When Heller (above) succeeded Thorp in 2001 the SLG was still funded by the local authority, but in 2003 she separated amicably to turn it into a charitable trust (three Southwarfk councillors are members of the trust which is chaired be Frieze founder Matthew Slotover). It was the catalyst for a major plan to extend the building while respecting the Victorian architecture, a speciality of the architects Stanton Williams for the first phase which opened in 2004, a second coming in 2010 after the takeover of a derelict building next door allowing the addition of a new wing, and in 2016 a magical artists’ garden was devised by the installation artist Gabriel Orozco with Kew horticulturalists.

After graduating from Sussex University, Heller was at first a picture researcher at Tate before becoming an assistant curator at Southampton City Art Gallery and finally director, before moving on to be director of exhibitions at the Anthony D’Offay Gallery.

Her staff has grown from five to 50 allowing Heller to conscientiously create an ethos of mutual confidence between curator, artist and public. She works closely with artists to create their exhibitions, the secret of the success of shows for such as Steve McQueen and Thomas Hirschhorn, and more recently Pae White and Oscar Murillo. The gallery remains strongly associated with Camberwell College of Arts next door, “They nourish what we do” she says simply of her neighbours, and Heller has effectively embedded the gallery in the community - it’s even got a gallery in a nearby block of council flats, and visiting international artists will be invited by residents to tea or a bite to eat, and to chat – and the Orozco garden gives access to the Sceaux Gardens housing estate.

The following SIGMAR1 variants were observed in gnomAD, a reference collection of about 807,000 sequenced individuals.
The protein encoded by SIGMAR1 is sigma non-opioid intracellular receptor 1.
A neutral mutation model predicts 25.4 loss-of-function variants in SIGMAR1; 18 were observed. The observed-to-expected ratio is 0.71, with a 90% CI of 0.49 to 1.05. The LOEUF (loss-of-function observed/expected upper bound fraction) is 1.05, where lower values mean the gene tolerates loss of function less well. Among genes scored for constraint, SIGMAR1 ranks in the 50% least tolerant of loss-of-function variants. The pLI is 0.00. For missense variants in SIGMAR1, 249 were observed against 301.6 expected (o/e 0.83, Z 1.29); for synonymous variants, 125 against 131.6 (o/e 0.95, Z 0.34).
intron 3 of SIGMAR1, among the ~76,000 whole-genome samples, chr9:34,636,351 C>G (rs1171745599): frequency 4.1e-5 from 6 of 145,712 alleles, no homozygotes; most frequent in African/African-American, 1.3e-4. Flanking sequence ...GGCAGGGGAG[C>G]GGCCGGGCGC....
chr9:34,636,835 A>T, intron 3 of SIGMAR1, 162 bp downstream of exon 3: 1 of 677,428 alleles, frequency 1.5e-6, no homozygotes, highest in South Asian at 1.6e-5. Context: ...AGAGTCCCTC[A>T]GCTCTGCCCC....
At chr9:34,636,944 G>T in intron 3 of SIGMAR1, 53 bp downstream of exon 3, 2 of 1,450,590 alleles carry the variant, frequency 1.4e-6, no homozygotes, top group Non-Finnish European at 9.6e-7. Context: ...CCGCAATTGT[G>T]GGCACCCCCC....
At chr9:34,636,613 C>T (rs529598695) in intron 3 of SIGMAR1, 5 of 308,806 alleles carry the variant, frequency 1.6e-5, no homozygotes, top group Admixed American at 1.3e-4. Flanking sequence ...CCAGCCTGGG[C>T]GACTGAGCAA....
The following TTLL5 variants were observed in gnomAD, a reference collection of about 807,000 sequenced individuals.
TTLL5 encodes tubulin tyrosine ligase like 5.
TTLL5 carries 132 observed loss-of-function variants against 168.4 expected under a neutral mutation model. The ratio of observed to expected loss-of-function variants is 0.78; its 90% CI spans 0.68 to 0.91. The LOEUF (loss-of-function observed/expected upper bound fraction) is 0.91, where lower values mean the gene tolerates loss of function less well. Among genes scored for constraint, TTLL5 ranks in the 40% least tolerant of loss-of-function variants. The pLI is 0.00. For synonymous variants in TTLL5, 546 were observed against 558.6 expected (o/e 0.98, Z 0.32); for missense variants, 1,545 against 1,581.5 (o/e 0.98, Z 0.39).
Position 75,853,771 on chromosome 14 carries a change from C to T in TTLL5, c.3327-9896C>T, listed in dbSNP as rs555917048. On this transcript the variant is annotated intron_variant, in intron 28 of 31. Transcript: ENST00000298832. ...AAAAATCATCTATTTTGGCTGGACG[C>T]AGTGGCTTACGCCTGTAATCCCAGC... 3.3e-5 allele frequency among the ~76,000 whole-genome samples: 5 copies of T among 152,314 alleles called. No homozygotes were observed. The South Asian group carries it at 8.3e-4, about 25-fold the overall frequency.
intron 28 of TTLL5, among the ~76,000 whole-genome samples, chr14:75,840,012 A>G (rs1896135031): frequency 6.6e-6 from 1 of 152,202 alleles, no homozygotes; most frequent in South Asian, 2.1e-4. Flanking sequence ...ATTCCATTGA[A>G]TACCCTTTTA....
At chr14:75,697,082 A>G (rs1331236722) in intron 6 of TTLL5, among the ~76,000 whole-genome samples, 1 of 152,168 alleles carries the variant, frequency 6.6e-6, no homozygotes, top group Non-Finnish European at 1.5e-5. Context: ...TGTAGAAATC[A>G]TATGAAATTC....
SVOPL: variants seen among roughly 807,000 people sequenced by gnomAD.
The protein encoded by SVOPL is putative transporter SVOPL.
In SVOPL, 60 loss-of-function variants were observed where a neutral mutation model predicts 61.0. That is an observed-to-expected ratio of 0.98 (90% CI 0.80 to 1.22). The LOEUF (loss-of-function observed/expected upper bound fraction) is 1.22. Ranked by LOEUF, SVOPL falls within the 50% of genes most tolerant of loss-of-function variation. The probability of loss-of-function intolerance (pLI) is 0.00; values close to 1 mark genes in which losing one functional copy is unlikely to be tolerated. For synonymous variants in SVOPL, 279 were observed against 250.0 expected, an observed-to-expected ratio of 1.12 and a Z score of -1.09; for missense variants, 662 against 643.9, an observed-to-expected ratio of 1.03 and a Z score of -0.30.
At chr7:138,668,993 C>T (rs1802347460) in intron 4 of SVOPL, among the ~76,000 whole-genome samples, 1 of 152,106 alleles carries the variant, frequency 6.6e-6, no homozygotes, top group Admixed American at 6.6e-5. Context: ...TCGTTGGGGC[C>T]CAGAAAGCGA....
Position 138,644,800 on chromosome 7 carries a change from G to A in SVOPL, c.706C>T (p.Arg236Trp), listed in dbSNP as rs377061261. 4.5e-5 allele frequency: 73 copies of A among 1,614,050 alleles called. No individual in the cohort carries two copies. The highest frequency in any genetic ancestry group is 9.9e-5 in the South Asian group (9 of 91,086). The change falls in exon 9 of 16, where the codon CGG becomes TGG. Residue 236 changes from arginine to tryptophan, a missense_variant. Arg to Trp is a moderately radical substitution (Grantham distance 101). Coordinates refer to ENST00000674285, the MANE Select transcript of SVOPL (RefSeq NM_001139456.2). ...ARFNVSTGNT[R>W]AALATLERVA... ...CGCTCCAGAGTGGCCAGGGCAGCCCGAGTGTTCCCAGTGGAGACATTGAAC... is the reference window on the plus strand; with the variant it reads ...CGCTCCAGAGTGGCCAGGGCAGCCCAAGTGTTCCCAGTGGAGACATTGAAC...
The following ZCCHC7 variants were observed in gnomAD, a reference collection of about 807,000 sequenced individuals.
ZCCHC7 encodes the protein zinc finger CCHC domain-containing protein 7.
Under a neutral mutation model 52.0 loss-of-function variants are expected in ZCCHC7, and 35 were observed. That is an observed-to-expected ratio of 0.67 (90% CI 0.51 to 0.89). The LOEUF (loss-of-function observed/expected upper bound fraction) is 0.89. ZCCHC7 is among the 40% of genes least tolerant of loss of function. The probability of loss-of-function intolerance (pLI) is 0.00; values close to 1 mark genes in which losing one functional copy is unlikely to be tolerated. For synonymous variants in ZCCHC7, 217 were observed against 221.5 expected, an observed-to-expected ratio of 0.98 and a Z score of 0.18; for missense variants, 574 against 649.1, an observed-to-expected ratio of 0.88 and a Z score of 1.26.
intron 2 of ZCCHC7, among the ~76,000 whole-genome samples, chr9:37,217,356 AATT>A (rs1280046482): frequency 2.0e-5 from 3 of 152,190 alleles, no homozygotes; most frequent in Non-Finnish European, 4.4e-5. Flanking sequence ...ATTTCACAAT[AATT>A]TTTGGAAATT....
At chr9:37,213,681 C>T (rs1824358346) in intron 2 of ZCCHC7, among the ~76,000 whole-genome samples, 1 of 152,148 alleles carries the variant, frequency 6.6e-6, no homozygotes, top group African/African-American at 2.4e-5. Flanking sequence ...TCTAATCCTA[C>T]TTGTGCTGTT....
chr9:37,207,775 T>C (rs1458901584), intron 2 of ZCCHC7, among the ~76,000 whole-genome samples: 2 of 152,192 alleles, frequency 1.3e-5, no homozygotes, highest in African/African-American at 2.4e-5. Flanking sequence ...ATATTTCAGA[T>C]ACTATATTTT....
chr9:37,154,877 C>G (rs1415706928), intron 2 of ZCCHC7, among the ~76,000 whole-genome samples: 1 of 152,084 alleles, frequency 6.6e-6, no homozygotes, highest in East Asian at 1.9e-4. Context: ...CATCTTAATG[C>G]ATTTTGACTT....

But despite her expansions, space had always been tight for a gallery that likes to encourage artists to be expansive as well as providing a local education programme, and out of the blue the answer came almost literally gift-wrapped. 2015 an anonymous fan gave the gallery the Old Fire Station opposite the Vestry, Grade II listed and the earliest surviving example of a purpose-built fire station dating from 1967 (main image). It was converted by 6a architects and after a £4m remake opened in 2018, doubling the gallery’s size and giving four floors of gallery space, an archive room, artists’ studios, a kitchen and a terrace as well as community and education facilities.

Clovid-19 arrived as the SLG was on a crest, Heller says, and survival has depended on resources of ingenuity as well as money, so the award is perfectly timed, says Heller. “The financial insecurity brought by lockdown has forced us to find new ways to connect with local schools and families” she says. “The award will allow us to continue our existing programmes, as well offering us the chance to commission an exciting new work”. The SLG reopened in August, admission free

The Art Fund judges’citation says the rest: “South London Gallery is a world-class contemporary art space, built for and with its culturally diverse communities. For more than 125 years it has stayed true to its aim, ‘to bring art to the people of south London’, evolving in response to the needs of artists and audiences and promoting inclusion at the heart of its mission”.